Have Your Say: Will You Be Impacted By The Proposed Foreign Donations Bill?
25 January 2018 at 8:55 am
A new short survey has been launched to better understand how charities feel they could be affected by the proposed foreign donations bill.
According to the government The Electoral Legislation Amendment (Electoral Funding and Disclosure Reform) Bill 2017, which was introduced to the Senate in December, is necessary to block donations by foreign entities attempting to influence Australian electoral outcomes.
The bill proposes a range of reforms including: a registration regime for third party campaigners who incur political expenditure and the establishment of such a register; clarifying the definition of “associated entities”; restrictions on foreign political donations; and limiting public election funding to demonstrated electoral spending.
However the bill has attracted widespread criticism regarding its impact on the ability of charities to undertake and fund their advocacy work, amidst claims it could erode democracy and “have a chilling effect”.
Some community organisations have also argued the new bill imposes significant administrative burden, duplicates reporting requirements and has severe enforcement provisions.
However it remains unclear how many charities are likely to be affected.
With submissions to the Joint Standing Committee on Electoral Matters set to close on Thursday, Pro Bono Australia has launched a poll to ask our readers to what extent they feel they could be impacted.
Pro Bono Australia founder and CEO Karen Mahlab AM said under the new law it was possible many of Australia’s charities would be classified as “political campaigners”, which could have a significant impact on the work they did.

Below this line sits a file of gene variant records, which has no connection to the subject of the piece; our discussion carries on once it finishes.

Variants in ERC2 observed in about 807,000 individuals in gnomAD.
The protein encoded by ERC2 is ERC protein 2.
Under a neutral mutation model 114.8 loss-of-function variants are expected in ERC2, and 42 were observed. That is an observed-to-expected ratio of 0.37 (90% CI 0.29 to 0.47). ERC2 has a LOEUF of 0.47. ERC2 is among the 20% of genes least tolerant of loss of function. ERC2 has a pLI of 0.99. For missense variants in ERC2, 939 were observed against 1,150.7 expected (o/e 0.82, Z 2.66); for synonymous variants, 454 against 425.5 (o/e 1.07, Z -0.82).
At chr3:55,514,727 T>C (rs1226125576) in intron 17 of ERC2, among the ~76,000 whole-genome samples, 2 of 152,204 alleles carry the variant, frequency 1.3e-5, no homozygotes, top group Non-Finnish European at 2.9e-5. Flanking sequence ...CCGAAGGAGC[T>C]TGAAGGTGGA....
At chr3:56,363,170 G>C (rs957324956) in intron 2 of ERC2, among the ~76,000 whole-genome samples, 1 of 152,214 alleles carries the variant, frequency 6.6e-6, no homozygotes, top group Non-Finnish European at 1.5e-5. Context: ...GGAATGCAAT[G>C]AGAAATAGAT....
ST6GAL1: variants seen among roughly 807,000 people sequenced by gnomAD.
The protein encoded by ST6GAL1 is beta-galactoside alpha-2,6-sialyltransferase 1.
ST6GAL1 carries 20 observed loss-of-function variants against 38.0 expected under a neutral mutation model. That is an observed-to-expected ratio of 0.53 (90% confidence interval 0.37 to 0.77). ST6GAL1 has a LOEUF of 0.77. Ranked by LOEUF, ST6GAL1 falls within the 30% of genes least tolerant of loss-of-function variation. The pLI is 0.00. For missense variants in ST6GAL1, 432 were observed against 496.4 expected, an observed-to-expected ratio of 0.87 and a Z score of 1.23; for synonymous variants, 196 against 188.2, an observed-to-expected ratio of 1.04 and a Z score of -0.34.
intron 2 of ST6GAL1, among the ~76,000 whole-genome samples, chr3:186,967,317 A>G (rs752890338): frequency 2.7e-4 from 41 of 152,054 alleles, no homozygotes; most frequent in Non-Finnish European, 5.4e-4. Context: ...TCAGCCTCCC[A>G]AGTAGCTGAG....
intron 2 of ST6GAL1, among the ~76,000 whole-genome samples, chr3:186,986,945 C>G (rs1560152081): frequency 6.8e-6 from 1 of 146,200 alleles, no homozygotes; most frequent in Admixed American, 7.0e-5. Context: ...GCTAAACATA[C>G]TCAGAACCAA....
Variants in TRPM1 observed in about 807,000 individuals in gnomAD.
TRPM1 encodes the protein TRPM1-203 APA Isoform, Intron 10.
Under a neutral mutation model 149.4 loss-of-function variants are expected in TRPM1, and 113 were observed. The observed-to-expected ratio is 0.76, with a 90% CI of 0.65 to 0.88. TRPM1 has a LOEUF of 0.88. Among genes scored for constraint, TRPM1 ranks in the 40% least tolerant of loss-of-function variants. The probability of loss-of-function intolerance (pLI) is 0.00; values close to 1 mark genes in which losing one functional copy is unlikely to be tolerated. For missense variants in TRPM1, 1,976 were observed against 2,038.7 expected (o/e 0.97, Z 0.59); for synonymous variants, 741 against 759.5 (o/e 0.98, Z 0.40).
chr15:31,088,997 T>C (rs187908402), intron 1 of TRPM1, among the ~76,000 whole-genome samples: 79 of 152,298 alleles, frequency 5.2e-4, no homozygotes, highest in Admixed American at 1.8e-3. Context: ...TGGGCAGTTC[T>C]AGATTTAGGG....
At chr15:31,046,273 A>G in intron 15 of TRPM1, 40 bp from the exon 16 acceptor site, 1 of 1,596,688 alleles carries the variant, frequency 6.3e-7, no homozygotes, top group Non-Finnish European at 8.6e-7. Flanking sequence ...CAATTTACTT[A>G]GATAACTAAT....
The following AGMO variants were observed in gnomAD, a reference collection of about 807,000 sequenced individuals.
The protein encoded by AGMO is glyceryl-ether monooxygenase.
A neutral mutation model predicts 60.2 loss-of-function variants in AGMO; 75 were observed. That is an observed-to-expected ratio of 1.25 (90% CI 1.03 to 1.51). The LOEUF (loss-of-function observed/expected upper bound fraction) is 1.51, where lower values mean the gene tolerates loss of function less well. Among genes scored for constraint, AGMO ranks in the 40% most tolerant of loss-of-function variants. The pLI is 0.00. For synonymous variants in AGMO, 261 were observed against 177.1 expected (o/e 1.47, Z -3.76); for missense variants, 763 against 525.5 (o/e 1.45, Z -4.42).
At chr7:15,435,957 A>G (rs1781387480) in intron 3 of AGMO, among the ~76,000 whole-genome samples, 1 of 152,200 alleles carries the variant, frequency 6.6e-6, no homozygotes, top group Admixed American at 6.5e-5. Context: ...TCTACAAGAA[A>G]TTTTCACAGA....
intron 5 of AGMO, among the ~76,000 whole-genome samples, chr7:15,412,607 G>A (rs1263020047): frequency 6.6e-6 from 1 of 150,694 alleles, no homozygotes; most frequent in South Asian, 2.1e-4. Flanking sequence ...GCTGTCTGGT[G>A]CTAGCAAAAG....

“We believe that many charities are unaware of the proposed bill’s impact,” Mahlab said.
“The language of the bill is such that it encompasses a whole array of activities undertaken by charities, that many would currently consider as advocating for positive change, being re-labelled as ‘political expenditure’ and therefore carrying a whole raft of restrictions and obligations not seen before.
“We believe far more charities could be caught up by the legislation than first thought.
“We encourage our readers to spend just two minutes answering this survey so we can once again take the temperature of the sector on an issue of importance to them and try and get a sense of the scale of the ramifications the sector could be facing should the bill go ahead.”
The latest short survey, builds on the recent findings from the Civil Voices report, published by Pro Bono Australia in collaboration with the Human Rights Law Centre, that found charities in Australia were self-silencing.
Take the two-minute survey here.
If you are unsure what the proposed changes mean, read our explainer from Prolegis Lawyers principal Seak-King Huang, here.